New encyclopedia reveals reef secrets
IT weighs as much as a baby but a locally compiled encyclopedia contains a body of work based on years of experience.
James Cook University professor David Hopley has produced an earth science encyclopedia on coral reefs in what is likely the most comprehensive record of work carried out in the area since Charles Darwin first attempted to understand reef evolution.
The 4kg compilation took three years of full-time work with 154 contributors.
The p ubl i c a t i o n, t i t l e d E n c y c l o p e d i a o f Mo d e r n Coral Reefs: Structure, Form and Process covers a wide range of topics, including biological, chemical and physical processes, exploration and the history of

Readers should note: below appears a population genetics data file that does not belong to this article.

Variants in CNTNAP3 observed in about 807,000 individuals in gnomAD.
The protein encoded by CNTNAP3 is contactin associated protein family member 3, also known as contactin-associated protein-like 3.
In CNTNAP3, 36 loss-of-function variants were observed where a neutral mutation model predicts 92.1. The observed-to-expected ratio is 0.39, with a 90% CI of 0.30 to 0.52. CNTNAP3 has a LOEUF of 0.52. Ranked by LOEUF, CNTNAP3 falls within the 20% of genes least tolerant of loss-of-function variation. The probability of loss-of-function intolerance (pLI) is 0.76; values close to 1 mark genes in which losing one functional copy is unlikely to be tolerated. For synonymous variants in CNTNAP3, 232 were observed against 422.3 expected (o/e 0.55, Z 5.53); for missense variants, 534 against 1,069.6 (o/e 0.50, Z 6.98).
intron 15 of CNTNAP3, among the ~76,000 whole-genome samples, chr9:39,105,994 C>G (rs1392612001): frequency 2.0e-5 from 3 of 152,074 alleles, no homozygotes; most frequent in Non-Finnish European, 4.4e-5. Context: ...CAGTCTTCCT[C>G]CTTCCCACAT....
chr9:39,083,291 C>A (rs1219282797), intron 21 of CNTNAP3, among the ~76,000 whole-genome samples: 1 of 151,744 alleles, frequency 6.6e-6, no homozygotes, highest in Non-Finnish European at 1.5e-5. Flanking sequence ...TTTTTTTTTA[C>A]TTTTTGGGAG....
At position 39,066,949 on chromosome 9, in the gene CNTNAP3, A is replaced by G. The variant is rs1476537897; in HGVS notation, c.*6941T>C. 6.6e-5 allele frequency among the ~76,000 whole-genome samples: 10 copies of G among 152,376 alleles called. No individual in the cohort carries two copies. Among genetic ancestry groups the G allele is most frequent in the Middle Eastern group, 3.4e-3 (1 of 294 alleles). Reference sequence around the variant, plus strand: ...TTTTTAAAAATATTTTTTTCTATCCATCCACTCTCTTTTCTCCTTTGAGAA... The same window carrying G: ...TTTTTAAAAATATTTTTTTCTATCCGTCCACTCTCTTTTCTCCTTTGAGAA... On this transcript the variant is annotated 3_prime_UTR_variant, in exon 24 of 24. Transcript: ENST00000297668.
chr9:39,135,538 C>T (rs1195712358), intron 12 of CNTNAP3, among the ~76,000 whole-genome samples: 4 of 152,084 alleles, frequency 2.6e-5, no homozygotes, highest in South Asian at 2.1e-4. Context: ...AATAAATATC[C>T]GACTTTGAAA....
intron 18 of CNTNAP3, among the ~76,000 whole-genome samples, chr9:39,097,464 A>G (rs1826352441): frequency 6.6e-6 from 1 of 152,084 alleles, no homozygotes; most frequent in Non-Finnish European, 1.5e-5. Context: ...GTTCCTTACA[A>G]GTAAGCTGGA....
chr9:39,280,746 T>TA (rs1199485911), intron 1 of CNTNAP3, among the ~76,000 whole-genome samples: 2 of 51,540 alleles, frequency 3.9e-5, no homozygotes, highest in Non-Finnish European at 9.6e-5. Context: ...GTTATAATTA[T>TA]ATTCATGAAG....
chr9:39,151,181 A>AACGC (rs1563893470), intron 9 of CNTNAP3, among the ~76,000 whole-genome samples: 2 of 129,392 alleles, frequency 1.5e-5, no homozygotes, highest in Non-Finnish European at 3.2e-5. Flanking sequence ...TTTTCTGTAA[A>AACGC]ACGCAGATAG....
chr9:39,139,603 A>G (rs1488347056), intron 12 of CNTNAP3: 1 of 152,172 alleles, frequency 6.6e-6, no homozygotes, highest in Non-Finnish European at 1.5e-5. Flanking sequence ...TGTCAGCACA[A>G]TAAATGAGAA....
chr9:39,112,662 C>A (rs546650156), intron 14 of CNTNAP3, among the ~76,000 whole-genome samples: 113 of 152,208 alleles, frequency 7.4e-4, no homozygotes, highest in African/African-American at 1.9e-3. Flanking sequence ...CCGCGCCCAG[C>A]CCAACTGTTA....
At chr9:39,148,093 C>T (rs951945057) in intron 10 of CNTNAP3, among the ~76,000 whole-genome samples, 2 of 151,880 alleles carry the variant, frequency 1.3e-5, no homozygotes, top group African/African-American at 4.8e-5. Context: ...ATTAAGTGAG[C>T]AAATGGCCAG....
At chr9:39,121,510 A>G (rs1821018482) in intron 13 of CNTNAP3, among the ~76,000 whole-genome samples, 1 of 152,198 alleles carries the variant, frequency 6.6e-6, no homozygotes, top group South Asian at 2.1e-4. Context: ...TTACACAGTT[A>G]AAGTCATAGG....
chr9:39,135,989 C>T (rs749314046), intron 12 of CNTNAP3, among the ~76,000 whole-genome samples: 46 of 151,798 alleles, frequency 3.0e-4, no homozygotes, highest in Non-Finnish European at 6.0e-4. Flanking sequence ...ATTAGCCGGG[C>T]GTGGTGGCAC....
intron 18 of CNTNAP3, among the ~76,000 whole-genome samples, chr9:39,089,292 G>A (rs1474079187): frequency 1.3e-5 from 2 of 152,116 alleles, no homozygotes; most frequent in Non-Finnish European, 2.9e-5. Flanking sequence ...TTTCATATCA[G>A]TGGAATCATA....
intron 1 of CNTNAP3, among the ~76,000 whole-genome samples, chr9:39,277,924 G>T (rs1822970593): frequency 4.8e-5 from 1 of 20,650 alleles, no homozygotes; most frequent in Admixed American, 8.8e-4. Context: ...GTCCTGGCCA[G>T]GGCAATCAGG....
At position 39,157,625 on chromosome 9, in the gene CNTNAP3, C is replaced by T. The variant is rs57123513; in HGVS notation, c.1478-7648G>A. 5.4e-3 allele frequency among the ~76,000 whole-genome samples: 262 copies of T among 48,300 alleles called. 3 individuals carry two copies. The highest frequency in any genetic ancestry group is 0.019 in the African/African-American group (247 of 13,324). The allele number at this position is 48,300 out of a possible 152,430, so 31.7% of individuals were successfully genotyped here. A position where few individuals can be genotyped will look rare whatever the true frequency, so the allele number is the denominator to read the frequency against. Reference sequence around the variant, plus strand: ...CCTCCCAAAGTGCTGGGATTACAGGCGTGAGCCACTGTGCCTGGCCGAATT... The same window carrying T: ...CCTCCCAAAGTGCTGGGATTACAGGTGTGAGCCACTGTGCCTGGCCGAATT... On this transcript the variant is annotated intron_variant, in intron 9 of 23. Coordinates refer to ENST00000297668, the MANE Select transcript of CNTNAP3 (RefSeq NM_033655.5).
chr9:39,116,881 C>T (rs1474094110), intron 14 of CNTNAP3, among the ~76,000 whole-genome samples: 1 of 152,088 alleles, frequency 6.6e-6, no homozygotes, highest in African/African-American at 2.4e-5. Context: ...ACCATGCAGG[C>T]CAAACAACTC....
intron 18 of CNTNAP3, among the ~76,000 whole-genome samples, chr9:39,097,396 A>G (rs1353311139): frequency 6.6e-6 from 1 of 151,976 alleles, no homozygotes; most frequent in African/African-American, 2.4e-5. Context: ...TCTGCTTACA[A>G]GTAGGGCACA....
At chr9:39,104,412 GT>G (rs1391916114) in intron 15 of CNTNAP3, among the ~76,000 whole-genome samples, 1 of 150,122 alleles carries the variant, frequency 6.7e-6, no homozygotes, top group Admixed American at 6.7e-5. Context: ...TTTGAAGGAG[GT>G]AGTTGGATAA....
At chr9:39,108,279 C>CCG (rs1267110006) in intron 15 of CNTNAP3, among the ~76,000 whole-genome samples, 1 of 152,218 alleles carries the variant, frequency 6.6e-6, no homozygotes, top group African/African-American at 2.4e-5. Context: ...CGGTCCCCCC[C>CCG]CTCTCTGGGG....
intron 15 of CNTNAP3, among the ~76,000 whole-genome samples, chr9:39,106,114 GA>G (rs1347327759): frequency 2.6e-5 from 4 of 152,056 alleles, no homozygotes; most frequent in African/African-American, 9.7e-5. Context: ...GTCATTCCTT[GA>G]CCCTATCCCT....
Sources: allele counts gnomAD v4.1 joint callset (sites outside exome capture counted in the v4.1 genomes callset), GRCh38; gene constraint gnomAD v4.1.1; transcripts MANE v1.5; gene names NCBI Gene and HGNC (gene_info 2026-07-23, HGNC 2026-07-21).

Professor Hopley said coral r e e f s w e r e t h e l a r g e s t landforms built by plants and animals and their study incorporated a wide range of disciplines. ‘‘ This encyclopedia approaches coral reefs from an earth science perspective, concentrating especially on modern reefs,’’ he said. ‘‘ Currently coral reefs are under high stress, most prominently from climate change with changes t o water temperature, sea level and ocean acidification particularly damaging.
‘ ‘ M o d e r n r e e f s h a v e evolved through the massive environmental changes of the recent glacial epochs with long periods of exp o s u r e d u r i n g g l a c i a l l y lowered sea level times and short periods of interglacial growth.’’
The encyclopedia is expected to be used extensively by reef researchers, graduate students and reef managers.